Herbert Von Placemaking

In A Sense of Place, 10. Placemaking by Idris Al-Hadidi2 Comments

Herbert Von King park is located two blocks from where I live in Brooklyn. As a park, it has so many things to offer. It’s a very welcoming park with six entrances allowing for easy access. There is ample seating located throughout the park. There are basketball courts which get used more often when the weather is nice. There are pleasant plants and trees which make the park easy on the eye. There is a baseball diamond that has enough extra grass to be used as a soccer, football, and of course baseball making it very versatile. There is a large open space of grass perfect for Frisbee and picnics. There is a dog park in the corner of the park which I sometimes take my dog to and is always busy with kind people. There’s also an amphitheater that I have yet to see be used but would be perfect for any type of gathering. Lastly there is a kids park that fully stocked with a playground and everything.

The park has many different pathways which as we’ve talked about before offers every individual the opportunity to find their own pathway. Mine personally is around the outskirts of the park because it has benches conveniently located everywhere with grass strips covered in fallen leaves. I prefer it because living in Michigan fall is my favorite season because I love the colors and smells associated with it. My second favorite place in the park must be the open patch of grass because I know when the weather is nice it’s a perfect place to be and soak up the sun and offers the most versatility in terms of activities. I could take a soccer ball to that park and be there for hours and have no doubt that in the time I spend there I could meet plenty of people who would join and have fun. The park is also located right next to a police station meaning that there is an overwhelming sense of safety and protection even in the night.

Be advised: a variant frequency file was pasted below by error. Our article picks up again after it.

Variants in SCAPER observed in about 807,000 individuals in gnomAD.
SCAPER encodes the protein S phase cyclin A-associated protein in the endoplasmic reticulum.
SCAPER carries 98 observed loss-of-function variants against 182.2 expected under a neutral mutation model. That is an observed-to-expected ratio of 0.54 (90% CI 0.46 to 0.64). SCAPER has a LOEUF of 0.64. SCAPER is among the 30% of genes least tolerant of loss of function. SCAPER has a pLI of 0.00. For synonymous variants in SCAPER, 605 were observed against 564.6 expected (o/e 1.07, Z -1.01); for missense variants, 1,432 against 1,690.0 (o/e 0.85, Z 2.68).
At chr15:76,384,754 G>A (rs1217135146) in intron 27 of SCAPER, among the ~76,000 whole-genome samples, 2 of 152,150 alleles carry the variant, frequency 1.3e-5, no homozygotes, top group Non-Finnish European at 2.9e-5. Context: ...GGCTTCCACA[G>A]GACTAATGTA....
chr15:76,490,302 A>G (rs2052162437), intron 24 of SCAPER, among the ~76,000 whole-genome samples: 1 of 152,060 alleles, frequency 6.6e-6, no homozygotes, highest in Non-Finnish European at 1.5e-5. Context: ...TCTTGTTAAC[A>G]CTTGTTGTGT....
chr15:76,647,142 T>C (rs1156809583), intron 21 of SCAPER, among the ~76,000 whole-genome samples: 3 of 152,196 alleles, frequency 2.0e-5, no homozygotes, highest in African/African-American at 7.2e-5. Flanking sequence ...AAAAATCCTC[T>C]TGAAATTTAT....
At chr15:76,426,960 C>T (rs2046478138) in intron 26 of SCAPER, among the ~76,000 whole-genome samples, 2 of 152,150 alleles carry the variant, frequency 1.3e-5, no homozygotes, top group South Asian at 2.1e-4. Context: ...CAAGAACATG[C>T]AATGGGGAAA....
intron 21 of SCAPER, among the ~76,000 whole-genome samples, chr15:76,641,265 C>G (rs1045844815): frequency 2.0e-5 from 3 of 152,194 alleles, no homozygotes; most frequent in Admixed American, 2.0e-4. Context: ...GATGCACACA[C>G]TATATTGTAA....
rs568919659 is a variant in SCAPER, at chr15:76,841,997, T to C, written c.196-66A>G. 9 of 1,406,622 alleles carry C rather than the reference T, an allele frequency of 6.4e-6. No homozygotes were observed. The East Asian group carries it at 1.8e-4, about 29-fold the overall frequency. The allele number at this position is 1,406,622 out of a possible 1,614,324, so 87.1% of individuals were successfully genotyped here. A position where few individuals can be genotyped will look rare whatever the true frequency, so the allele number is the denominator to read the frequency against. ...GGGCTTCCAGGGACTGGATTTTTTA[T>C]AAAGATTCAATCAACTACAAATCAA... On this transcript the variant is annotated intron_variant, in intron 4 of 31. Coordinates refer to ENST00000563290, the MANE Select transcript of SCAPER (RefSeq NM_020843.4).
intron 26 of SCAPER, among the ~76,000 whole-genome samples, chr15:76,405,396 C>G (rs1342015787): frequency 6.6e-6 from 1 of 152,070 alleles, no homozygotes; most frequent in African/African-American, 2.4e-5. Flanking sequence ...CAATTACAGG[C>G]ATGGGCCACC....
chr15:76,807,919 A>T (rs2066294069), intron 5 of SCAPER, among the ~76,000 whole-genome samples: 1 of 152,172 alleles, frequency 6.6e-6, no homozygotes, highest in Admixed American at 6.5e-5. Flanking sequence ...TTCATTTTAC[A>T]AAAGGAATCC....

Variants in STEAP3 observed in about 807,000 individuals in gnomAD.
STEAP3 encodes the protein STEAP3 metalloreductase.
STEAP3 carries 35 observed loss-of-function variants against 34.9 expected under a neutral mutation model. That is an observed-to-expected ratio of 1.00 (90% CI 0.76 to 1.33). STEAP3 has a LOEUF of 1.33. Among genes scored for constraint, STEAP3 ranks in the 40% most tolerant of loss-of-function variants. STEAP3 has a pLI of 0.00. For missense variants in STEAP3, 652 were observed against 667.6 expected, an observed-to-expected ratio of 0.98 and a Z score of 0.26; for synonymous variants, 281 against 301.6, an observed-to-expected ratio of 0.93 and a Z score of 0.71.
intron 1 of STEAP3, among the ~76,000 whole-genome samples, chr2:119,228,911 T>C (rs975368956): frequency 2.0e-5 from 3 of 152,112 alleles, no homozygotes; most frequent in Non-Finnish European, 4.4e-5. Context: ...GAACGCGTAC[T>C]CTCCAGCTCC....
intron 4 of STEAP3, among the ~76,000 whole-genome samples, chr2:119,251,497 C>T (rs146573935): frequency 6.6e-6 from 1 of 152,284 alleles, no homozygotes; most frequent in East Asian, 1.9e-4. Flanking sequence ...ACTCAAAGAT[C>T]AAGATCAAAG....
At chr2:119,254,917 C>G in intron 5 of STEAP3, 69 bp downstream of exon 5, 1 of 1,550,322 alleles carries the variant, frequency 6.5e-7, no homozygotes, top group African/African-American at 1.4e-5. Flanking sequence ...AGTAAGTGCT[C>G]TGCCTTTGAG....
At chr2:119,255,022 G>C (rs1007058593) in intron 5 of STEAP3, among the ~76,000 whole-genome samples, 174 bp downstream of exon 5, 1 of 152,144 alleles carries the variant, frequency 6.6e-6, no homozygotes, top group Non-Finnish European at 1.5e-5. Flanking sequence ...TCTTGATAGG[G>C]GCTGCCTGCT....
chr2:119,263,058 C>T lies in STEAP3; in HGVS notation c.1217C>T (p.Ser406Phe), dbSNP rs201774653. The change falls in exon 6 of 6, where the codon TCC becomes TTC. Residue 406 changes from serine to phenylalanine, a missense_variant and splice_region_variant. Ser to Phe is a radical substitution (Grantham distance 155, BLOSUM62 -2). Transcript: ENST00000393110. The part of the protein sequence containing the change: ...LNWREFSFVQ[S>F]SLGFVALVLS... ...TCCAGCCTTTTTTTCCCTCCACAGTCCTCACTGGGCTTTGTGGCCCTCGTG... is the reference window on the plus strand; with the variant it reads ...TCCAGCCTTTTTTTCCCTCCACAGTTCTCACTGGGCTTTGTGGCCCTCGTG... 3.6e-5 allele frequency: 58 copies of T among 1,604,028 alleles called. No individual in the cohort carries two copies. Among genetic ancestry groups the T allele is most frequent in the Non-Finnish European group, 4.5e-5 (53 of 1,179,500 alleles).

Herbert Von King park used to have the name Thompkins park because its location of Thompkins street. The park was specifically designed by Frederick Law Olmstead and Calvert Vaux. The intentions when creating the park was that it would be a lively residential square not unlike Washington Square Park or Tompkins park in Manhattan. Its purpose was to be the hub for the ever growing middle-class in Bedford-Stuyvesant which for me personally has done a great job of doing just that. The park has been renovated and remodeled since its inception in 1870-1871 but one of the things that has remained is a beautiful rare southern magnolia tree located in front of one of the surrounding homes. Where the cultural center/ amphitheater is located there used to be a library, which was replaced because it was burned down in 1969 and to accommodate the mid-day crowds that would gather there.


  1. Idris,
    This is such a nice description of this park. It’s funny how you can walk around the city and see many parks, yet some of them are completely empty and some are filled to the brim with people trying to find a small space to squeeze into. At first glance, this can be confusing but, as we have learned, there is a real science behind making a place. For parks, there needs to be diversity, open space, benches, multiple pathways, and everything else you have described. This is a perfect example of the ideal park.

    1. Author

      I’m glad you enjoyed the post. Herbert Von King part is a bit of a trek from mainland manhattan but is most definitely worth the trip. Pick a nice day and take some friends you won’t regret it!

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